The Decameron

The Decameron

by

Giovanni Boccaccio

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Sophronia Character Analysis

In Filomena’s tenth tale (X, 8), Sophronia is Gisippus’s fiancée, but she unknowingly becomes Titus Quintus Fulvius’s wife when the friends agree to trade places (since Titus is hopelessly in love with her). Like Catalina (X, 4), Dianora (X, 5) and her own sister-in-law Fulvia, Sophronia becomes an object by whose exchange the men around her can demonstrate their generosity to each other.
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Sophronia Character Timeline in The Decameron

The timeline below shows where the character Sophronia appears in The Decameron. The colored dots and icons indicate which themes are associated with that appearance.
Day 10: Eighth Tale
Love and Sex Theme Icon
...few months after Chemes’s death, Gisippus’s family helps arrange his betrothal to lovely, impeccably noble Sophronia. Shortly before the wedding, Titus asks to meet her, and when Gisippus takes him to... (full context)
Love and Sex Theme Icon
Titus locks himself in his bedroom to meditate on Sophronia’s beauty, but the more he broods, the more he burns with passion. On the one... (full context)
Love and Sex Theme Icon
Men and Women Theme Icon
...After giving a few implausible answers, Titus finally comes clean and confesses his love for Sophronia. He tells Gisippus about his internal debate, complains that he has failed fortune’s test of... (full context)
Love and Sex Theme Icon
Men and Women Theme Icon
Class and Character Theme Icon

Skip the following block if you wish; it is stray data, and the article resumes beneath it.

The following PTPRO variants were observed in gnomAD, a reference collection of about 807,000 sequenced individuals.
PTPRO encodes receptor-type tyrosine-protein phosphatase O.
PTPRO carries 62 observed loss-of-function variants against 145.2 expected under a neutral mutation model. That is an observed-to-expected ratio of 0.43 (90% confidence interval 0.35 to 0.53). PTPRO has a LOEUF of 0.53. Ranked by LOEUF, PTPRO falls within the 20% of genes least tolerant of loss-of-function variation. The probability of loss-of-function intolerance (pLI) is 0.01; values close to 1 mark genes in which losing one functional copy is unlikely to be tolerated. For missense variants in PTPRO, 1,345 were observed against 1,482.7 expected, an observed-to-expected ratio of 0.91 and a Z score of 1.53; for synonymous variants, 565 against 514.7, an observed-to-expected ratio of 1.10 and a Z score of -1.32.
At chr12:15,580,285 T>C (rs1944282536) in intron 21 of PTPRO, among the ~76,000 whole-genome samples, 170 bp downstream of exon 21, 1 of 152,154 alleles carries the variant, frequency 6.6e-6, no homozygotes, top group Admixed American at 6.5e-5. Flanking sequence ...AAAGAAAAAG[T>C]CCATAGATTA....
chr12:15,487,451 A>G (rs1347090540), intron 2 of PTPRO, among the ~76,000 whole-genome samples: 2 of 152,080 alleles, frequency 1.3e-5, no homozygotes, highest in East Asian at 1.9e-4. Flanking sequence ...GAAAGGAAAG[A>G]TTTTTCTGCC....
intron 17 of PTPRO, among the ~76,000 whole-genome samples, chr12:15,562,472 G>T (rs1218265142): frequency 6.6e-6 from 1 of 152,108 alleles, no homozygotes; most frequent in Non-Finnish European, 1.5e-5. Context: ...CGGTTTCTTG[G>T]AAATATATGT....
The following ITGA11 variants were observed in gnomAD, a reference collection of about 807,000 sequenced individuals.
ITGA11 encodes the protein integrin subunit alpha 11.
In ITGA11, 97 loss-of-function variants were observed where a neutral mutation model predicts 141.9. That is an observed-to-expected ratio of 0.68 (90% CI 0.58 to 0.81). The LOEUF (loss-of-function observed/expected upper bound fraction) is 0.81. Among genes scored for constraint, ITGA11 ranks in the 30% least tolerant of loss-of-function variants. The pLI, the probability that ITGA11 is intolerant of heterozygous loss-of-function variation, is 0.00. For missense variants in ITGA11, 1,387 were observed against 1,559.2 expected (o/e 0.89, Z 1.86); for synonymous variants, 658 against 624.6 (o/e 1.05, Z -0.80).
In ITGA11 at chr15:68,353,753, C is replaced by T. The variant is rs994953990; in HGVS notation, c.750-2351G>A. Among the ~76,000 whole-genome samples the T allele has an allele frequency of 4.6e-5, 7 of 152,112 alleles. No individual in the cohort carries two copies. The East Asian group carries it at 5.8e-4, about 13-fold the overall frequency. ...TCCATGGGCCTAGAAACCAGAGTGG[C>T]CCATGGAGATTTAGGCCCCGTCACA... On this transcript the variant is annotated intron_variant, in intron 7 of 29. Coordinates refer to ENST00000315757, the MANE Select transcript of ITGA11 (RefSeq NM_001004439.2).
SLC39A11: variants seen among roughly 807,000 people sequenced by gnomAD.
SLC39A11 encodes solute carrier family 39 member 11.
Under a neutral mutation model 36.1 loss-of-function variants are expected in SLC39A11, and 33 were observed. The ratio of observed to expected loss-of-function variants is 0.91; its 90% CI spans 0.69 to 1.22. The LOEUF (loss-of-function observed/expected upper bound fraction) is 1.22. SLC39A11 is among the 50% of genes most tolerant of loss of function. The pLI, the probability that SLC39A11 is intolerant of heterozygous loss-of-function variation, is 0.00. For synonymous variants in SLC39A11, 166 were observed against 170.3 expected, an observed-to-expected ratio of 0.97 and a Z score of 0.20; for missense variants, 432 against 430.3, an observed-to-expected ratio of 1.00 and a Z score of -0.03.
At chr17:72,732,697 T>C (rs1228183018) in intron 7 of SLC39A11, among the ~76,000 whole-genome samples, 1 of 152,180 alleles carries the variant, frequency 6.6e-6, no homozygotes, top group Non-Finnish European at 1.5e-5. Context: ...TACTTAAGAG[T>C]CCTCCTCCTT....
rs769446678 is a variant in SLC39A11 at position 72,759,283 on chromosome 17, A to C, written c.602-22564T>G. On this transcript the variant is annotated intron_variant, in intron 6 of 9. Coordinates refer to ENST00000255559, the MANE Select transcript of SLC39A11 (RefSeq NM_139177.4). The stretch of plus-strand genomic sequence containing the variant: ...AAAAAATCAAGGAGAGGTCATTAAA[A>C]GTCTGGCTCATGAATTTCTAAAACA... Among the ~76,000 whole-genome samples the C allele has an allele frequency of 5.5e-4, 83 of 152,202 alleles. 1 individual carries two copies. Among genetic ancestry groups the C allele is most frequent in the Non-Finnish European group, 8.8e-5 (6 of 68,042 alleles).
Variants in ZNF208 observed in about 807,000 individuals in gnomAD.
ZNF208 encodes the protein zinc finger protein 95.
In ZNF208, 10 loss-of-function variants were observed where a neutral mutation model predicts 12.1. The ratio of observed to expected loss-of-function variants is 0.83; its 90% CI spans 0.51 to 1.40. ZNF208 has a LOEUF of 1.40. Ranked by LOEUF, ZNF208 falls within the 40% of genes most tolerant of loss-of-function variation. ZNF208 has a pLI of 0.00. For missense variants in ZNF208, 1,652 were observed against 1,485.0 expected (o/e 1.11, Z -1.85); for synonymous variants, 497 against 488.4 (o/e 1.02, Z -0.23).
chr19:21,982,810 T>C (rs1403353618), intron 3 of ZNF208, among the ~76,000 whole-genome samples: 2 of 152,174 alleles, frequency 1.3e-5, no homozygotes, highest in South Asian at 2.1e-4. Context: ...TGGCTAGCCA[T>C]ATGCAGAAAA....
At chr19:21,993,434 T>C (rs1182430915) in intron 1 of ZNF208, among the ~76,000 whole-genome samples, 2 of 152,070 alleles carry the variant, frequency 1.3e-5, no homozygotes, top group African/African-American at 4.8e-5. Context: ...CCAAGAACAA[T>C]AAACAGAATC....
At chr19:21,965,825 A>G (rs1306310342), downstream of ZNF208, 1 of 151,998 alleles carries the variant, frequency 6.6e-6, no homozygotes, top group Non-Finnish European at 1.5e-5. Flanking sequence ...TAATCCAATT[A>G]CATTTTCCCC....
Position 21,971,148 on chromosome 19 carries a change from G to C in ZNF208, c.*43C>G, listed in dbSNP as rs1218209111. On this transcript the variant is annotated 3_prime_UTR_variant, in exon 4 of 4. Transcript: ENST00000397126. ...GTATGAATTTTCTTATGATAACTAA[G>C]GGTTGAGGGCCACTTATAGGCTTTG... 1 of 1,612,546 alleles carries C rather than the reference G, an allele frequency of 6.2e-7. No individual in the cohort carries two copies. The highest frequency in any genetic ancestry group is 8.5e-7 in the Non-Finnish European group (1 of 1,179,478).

Gisippus understands Titus’s love: Sophronia’s beauty and his noble spirit—highly susceptible to passionate feelings—virtually guaranteed it. Additionally, Titus should be... (full context)
Love and Sex Theme Icon
Men and Women Theme Icon
...generous offer, reiterates that his duty lies with his friend. Since God didn’t give him Sophronia directly, He must have chosen Gisippus for his “superior worth.” Since God finds Titus “unworthy... (full context)
Men and Women Theme Icon
Titus finally accepts Gisippus’s offer, in part because of his feelings for Sophronia and in part to please his friend by accepting. It must be managed carefully to... (full context)
Love and Sex Theme Icon
Men and Women Theme Icon
Titus slips from his bedroom into Gisippus’s adjoining bridal chamber on the wedding night. Taking Sophronia in his arms, he asks her if she wants to be his wife. Assuming that... (full context)
Faith vs. Religion Theme Icon
...can’t be changed are second-guessing the gods, and this is blasphemy. The very fact that Sophronia is his wife now, he says, proves that the gods destined it. But since there... (full context)
Men and Women Theme Icon
...one should be upset. People who think that Gisippus had no right to dispose of Sophronia forget that fortune often works in “strange and wonderful” ways. For example, does anyone care... (full context)
Love and Sex Theme Icon
Men and Women Theme Icon
...[they] are wise.” It could be worse: instead of coming clean, he could have disowned Sophronia. He also threatens that any attempts to keep his wife from him or to treat... (full context)
Men and Women Theme Icon
Titus takes Gisippus home to Sophronia. After restoring his spirits, giving him nice clothes, and making him co-owner of all his... (full context)
Moderation and Excess Theme Icon
...a world directed by greed and self-interest. Only friendship could have inspired Gisippus to give Sophronia to Titus, prevented him from sleeping with her after she became his friend’s wife, and... (full context)